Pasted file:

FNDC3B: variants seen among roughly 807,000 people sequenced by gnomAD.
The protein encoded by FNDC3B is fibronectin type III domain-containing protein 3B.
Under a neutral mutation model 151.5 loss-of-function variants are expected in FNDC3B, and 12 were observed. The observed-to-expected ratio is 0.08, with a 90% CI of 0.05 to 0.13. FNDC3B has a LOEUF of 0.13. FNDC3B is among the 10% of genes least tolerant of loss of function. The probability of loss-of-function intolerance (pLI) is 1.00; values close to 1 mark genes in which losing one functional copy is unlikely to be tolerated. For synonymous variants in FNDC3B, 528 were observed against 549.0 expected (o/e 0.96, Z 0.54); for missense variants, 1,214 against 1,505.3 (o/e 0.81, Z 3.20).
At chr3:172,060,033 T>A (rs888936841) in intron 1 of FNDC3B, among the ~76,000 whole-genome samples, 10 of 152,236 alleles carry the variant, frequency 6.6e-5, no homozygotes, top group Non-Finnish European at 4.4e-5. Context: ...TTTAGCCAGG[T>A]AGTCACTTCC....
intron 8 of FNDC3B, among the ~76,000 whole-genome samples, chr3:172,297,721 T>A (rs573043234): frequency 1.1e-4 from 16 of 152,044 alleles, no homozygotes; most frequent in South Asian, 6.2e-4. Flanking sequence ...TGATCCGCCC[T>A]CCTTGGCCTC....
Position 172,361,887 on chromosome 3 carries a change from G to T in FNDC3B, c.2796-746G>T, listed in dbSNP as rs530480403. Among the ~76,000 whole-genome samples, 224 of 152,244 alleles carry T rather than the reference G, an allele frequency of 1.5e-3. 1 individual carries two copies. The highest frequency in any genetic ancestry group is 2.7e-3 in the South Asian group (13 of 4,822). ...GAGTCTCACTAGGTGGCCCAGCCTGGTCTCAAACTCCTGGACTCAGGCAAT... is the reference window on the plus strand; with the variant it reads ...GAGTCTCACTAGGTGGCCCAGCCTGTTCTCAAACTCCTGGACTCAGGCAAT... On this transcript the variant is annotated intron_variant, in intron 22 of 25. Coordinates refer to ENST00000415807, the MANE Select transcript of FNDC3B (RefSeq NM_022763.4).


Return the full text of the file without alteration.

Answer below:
FNDC3B: variants seen among roughly 807,000 people sequenced by gnomAD.
The protein encoded by FNDC3B is fibronectin type III domain-containing protein 3B.
Under a neutral mutation model 151.5 loss-of-function variants are expected in FNDC3B, and 12 were observed. The observed-to-expected ratio is 0.08, with a 90% CI of 0.05 to 0.13. FNDC3B has a LOEUF of 0.13. FNDC3B is among the 10% of genes least tolerant of loss of function. The probability of loss-of-function intolerance (pLI) is 1.00; values close to 1 mark genes in which losing one functional copy is unlikely to be tolerated. For synonymous variants in FNDC3B, 528 were observed against 549.0 expected (o/e 0.96, Z 0.54); for missense variants, 1,214 against 1,505.3 (o/e 0.81, Z 3.20).
At chr3:172,060,033 T>A (rs888936841) in intron 1 of FNDC3B, among the ~76,000 whole-genome samples, 10 of 152,236 alleles carry the variant, frequency 6.6e-5, no homozygotes, top group Non-Finnish European at 4.4e-5. Context: ...TTTAGCCAGG[T>A]AGTCACTTCC....
intron 8 of FNDC3B, among the ~76,000 whole-genome samples, chr3:172,297,721 T>A (rs573043234): frequency 1.1e-4 from 16 of 152,044 alleles, no homozygotes; most frequent in South Asian, 6.2e-4. Flanking sequence ...TGATCCGCCC[T>A]CCTTGGCCTC....
Position 172,361,887 on chromosome 3 carries a change from G to T in FNDC3B, c.2796-746G>T, listed in dbSNP as rs530480403. Among the ~76,000 whole-genome samples, 224 of 152,244 alleles carry T rather than the reference G, an allele frequency of 1.5e-3. 1 individual carries two copies. The highest frequency in any genetic ancestry group is 2.7e-3 in the South Asian group (13 of 4,822). ...GAGTCTCACTAGGTGGCCCAGCCTGGTCTCAAACTCCTGGACTCAGGCAAT... is the reference window on the plus strand; with the variant it reads ...GAGTCTCACTAGGTGGCCCAGCCTGTTCTCAAACTCCTGGACTCAGGCAAT... On this transcript the variant is annotated intron_variant, in intron 22 of 25. Coordinates refer to ENST00000415807, the MANE Select transcript of FNDC3B (RefSeq NM_022763.4).